the first stanza. Each stanza is often followed by a refrain. Folk songs
are usually monodic choral songs, but Ukrainian folk songs are exceptional
for their rich polyphony. The folk songs express the common experience of
the Ukrainian people: all the important events in life from the cradle to
the grave are accompanied by song. By their content and function folk songs
can be divided into four basic groups: (1) ritual songs, such as carols
(koliadky and shchedrivky), spring songs, songs about nymphs, and Kupalo
festival songs; (2) harvest songs and wedding songs; (3) historical songs
and political songs, such as dumas and ballads; and (4) lyrical songs, such
as family songs, social class songs, and love songs. Chumak songs,
recruits' and soldiers' songs, wanderers' songs, and cradle songs belong to
separate groups...

HISTORICAL SONGS. A genre of folk songs that presents historical events and
individuals in a generalized, artistic manner with details, names, and
facts that may be inaccurate. Ukrainian historical songs appeared at the
same time as the dumas, and perhaps even preceded them. They differ from
the dumas in that they describe concrete historical events and figures;
their story line is less developed, their emotive range is greater, and in
them the lyrical element prevails over the epic element. The oldest cycle
of historical songs dates back to the 16th century and depicts the
Cossacks' struggle against the Tatars and Turks; the best known are the
songs about Baida Vyshnevetsky of 1564 and the siege of the Pochaiv
Monastery of 1675. A second cycle consists of songs about the Cossacks'
struggle against Poland. A third cycle deals with Russian oppression and
includes songs about construction work on the Saint Petersburg canals, the
destruction of the Zaporozhian Sich, and the death of a Cossack in Russian

RITUAL SONGS (obriadovi pisni). Folk songs that accompanied important
changes in a person's life and the seasonal cycles in farming. Calendric
ritual folk songs include carols or koliadky and shchedrivky (on Christmas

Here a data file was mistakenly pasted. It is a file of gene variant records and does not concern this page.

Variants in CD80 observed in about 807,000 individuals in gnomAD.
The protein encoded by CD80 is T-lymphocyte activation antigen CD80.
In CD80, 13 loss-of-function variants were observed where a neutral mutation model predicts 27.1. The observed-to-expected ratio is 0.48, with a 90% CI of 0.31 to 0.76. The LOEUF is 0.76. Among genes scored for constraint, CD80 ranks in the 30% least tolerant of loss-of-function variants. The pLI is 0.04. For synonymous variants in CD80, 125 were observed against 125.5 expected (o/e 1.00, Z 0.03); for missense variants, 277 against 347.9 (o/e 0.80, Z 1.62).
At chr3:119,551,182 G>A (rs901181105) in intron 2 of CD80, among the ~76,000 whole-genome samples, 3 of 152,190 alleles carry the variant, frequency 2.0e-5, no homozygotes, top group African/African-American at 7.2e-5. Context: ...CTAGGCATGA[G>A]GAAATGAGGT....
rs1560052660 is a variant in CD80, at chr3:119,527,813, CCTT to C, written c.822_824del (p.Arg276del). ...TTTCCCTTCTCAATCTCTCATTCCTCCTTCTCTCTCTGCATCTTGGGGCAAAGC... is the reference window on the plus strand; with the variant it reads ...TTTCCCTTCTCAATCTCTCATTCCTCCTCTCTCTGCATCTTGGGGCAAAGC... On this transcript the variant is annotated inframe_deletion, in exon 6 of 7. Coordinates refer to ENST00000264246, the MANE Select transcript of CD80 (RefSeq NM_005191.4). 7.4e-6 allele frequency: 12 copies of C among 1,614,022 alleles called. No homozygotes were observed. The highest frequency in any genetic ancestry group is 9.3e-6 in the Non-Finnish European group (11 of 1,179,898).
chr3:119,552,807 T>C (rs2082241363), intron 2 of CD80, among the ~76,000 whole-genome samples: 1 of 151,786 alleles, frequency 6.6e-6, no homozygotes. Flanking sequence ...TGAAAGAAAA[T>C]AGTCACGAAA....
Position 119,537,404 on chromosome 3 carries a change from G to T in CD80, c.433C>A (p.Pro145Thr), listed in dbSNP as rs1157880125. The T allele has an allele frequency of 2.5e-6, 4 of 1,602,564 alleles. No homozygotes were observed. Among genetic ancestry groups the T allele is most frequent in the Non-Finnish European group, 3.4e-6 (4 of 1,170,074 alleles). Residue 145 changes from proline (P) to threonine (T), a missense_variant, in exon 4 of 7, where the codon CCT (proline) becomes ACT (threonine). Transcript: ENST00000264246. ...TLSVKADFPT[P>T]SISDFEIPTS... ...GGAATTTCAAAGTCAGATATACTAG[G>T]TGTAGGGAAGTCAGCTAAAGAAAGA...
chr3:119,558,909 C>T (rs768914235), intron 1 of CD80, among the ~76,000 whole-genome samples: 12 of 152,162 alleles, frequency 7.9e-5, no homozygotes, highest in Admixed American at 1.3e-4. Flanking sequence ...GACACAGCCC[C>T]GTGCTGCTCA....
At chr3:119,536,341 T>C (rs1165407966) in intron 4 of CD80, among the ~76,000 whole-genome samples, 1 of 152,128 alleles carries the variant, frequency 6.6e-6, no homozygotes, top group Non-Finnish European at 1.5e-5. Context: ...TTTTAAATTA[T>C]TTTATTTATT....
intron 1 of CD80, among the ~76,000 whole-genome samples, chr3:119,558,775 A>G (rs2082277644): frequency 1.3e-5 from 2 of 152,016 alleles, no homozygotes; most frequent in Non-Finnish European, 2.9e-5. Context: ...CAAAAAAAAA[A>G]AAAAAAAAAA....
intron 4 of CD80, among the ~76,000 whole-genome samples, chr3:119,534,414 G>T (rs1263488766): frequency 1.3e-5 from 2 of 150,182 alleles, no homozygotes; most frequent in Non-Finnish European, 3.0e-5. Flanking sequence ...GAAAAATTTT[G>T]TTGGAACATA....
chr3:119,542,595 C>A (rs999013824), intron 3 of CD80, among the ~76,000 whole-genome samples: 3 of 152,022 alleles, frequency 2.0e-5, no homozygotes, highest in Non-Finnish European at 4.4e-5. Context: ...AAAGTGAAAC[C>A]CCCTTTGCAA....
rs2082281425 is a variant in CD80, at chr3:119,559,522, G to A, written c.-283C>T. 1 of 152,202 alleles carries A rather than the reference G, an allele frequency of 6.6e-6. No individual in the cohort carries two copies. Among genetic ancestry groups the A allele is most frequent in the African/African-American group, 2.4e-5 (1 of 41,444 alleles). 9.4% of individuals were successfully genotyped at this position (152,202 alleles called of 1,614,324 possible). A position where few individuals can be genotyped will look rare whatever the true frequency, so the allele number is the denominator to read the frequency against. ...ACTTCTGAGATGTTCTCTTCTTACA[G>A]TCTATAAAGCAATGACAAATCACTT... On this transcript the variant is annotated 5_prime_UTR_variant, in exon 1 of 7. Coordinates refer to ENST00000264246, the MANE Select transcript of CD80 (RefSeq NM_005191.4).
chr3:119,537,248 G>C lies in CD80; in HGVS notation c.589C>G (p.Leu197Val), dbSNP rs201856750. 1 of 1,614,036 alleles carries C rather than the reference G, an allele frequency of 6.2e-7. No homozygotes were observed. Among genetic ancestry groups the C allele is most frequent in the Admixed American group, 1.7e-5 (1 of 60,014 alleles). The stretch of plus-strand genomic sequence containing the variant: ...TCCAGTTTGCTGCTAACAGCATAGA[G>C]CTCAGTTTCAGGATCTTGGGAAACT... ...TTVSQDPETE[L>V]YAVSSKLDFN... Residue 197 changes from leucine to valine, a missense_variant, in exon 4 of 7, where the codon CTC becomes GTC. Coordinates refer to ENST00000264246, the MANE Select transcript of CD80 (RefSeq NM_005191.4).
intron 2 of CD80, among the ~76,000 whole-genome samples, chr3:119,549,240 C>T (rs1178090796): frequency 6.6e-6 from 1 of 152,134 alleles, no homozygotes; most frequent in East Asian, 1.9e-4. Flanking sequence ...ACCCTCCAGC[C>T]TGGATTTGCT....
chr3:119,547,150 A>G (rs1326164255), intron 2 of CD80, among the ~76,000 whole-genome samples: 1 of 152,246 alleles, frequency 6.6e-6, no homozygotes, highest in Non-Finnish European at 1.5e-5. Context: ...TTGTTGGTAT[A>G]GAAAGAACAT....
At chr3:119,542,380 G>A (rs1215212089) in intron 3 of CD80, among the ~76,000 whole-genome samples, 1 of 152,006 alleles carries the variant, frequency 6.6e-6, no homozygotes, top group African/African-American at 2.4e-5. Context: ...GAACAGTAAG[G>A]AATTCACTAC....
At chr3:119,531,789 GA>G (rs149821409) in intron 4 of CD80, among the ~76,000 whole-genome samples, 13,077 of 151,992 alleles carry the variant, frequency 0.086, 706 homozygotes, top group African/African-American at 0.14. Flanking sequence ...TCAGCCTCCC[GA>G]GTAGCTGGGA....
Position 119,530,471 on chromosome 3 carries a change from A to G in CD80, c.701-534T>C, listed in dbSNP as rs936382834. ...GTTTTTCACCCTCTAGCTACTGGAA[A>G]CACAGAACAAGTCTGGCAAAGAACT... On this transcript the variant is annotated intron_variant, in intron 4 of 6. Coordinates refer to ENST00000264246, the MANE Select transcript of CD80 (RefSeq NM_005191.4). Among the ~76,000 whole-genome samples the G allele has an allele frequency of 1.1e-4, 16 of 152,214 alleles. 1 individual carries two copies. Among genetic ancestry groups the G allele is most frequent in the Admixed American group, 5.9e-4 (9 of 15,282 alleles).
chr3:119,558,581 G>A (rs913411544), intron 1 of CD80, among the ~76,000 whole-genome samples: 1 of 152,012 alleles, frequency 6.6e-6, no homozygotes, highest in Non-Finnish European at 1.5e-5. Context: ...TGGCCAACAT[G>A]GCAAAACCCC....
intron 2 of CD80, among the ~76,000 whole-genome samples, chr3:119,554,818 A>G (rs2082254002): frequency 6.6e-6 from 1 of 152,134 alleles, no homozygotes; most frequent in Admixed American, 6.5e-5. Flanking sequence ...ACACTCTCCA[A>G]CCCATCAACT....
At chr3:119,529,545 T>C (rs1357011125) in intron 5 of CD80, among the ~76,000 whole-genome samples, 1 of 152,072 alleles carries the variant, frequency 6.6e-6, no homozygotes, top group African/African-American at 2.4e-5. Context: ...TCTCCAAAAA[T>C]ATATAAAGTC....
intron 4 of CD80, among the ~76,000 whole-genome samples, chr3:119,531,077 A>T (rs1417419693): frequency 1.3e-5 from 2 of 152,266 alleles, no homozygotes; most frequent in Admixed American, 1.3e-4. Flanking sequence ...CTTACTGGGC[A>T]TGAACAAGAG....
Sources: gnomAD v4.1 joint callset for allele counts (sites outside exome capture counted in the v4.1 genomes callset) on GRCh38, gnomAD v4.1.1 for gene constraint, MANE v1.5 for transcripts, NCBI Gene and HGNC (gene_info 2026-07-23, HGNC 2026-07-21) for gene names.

and Epiphany), Shrovetide songs, vesnianky-hahilky and ryndzivky (on
Easter), tsarynni and rusalka songs (on the Rosalia), Saint Peter's day
songs, haymowers' and rakers' songs, Kupalo festival songs, harvest songs,
vechernytsi songs, and songs to Saint Nicholas. The ritual songs of family
life include christening songs, wedding songs, and funeral hymns and
laments. At one time ritual songs were believed to possess magical powers:
they could ensure a bountiful harvest and the well-being of the persons
mentioned in them. Eventually they lost their magical meaning and were
regarded simply as entertaining or expressive. All ritual songs contain
some ancient pagan elements mixed with more recent, mostly Christian,
elements. The majority of them are tied to ritual acts, games, dances, and
folk customs...

The preparation, editing, and display of the IEU entries dealing with
Ukrainian folk songs and folk oral literature were made possible by a
generous donation from ARKADI MULAK-YATSKIVSKY of Los Angeles, CA, USA.

ABOUT IEU: Once completed, the Internet Encyclopedia of Ukraine will be the
most comprehensive source of information in English on Ukraine, its
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over 20,000 detailed encyclopedic entries supplemented with thousands of
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Ukraine and Ukrainians to the world.

At present, only 15% of the entire planned IEU database is available on the
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Dr. Marko R. Stech
Managing Director, CIUS Press
Project Manager, Internet Encyclopedia of Ukraine
Project Manager, Hrushevsky Translation Project

Canadian Institute of Ukrainian Studies
University of Toronto
256 McCaul Street, Rm. 302
Toronto, ON, M5T 1W5
tel: (416) 946-7326; fax: (416) 978-2672